Company: Coleco (Original)
Atari (Re-Release)
Model #:
4L1802 (Coleco)
CX-26145 (Atari)
Dr. Joseph Biel (Commavid)
Year: 1982
Port of the 1981 Exidy arcade game


Venture, along with Mouse Trap, is one of Exidy's best known arcade games.  Starring a smiling little face called Winky that must collect various treasures scattered throughout a dungeon, Venture was the perfect fix of cuteness and fast paced action.  The simple graphics and fun gameplay made it easy to port to the popular systems of the day.  The Atari 2600, Colecovision, and Intellivision all received fairly faithful ports.  Venture was popular enough that Atari re-released the game in the late 80's after acquiring the rights from Coleco when they exited the market.


The goal of Venture is to enter each of the rooms in the dungeon, grab each treasure, and make a quick exit.  Once the player has completed the four rooms on the first level they move to the second next level which has four new rooms.  The two different dungeon levels then repeat until the player runs out of lives.  Of course Winky isn't going to just waltz into the dungeon unmolested.  In fact just getting to each room of the dungeon is a challenge in and of itself.


Roaming the dungeon hallways are the dreaded Hallmonsters (real creative there guys).  As their name implies, the Hall Monsters move semi-randomly throughout the dungeon's hallways, blocking your passage and causing instant death if you should touch one.  Unfortunately Winky can't shoot his arrows in the hallways (some sort of safety thing I'm sure), so his only defense is to dodge and try to quickly enter a nearby room.  Thankfully, while quick, the Hallmonsters are quite stupid so they're usually easy to avoid.  Be aware that they get faster and increasingly more intelligent on the higher levels.


Once Winky makes his way inside a room the game switches to a Berzerk like format.  However instead of shooting at different colored robots that all look the same, each room in Venture has it's own theme.  There's a Goblin Room, Troll Room, Serpent Room, etc., each with a different treasure and monster to contend with (although in the end all the monsters act the same).  There's even a special room called the Wall Room with moving walls instead of monsters.  Winky can either try and dodge around the monsters and grab the treasure, or he can shoot them with his magic arrows.  Shoot a monster will eliminate it from the room, but will leave a deadly corpse for a few seconds that can get in your way.  If Winky stays too long in a room Evil Otto a Hallmonster will appear and make a beeline for Winky.  These special Hallmosters can move through walls, so be quick about exiting or you're toast.  Thankfully Winky can exit and enter a room an unlimited number of times to try and make a run for the treasure.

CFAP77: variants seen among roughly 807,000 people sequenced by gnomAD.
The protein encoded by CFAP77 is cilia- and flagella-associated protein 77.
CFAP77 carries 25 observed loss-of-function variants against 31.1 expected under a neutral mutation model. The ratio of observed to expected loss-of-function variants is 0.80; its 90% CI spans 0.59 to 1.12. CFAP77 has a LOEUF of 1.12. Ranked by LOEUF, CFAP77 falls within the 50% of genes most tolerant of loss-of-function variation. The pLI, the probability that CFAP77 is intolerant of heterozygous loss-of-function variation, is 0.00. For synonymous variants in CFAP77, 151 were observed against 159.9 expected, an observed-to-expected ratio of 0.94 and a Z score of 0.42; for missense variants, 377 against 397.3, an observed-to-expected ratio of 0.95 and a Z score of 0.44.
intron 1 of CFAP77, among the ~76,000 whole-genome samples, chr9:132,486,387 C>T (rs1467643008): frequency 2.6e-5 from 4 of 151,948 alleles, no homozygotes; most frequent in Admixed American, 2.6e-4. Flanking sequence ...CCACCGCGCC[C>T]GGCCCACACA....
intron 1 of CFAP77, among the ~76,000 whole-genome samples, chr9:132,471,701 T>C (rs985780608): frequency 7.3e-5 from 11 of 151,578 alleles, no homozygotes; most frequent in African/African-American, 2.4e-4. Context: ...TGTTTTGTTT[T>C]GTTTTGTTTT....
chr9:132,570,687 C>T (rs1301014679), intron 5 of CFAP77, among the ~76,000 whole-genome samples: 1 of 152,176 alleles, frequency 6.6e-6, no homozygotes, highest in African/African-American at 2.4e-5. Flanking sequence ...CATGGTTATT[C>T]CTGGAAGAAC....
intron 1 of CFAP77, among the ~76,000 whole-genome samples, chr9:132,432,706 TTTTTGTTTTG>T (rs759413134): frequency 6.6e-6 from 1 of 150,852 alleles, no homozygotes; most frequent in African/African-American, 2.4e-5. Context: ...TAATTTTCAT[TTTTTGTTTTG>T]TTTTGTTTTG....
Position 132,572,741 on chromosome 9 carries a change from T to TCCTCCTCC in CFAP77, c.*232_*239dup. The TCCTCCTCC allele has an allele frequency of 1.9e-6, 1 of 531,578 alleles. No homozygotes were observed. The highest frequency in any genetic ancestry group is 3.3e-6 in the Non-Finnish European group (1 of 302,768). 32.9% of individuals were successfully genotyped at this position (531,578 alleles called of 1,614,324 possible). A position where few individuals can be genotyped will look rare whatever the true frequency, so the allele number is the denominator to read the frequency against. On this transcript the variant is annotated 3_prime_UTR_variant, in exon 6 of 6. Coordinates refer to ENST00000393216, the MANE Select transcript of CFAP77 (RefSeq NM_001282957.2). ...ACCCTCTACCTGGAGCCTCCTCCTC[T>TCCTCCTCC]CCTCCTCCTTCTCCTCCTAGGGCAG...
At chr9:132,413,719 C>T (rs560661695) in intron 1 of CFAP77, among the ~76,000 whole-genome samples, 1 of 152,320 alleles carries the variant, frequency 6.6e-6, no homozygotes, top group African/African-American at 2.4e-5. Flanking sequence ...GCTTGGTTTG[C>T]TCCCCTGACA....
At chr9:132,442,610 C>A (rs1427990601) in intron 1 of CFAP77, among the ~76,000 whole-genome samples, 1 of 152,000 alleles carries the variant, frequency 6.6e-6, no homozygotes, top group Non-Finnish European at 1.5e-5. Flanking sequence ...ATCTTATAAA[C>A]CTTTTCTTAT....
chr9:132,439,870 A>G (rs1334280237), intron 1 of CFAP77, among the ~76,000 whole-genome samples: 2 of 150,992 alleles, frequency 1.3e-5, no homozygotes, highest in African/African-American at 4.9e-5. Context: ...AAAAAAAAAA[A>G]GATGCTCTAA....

The Atari 2600 port of Venture is pretty good considering the limitations of the hardware.  The biggest change is that the 2600 port only features two of the three dungeon levels (due to space reasons) which makes the game a little more repetitive than it should be.  The 2600 version is also missing the treasure tally 'get ready' screen between levels which shows all the various treasures the player has picked up along with the room names themselves.  The monsters in the 2600 version also aren't animated like they are in other versions, but they originally were planned to be as seen in an early prototype.  Most likely a lack of ROM space forced the programmer to take the animation out.  One odd feature (or more likely oversight) of the 2600 version is that the rooms are not filled in once the player acquires the treasure.  In all other versions f the game the player cannot re-enter a filled in room making hiding from the Hallmonsters more difficult,


Although it has some differences from the arcade game (as most 2600 ports did), Venture plays remarkably well.  Interestingly the 2600 port was programmed by Dr. Joseph Biel of Commavid.  While it wasn't uncommon for 3rd party contractors to program games for larger companies (in fact most companies operated this way), it's a bit unusual for a company that had their own line of 2600 games.  Most likely this was a way to for Commavid to raise money while they worked on their own games.

Version Cart Text Description
Early Demo


Return to 2600 Software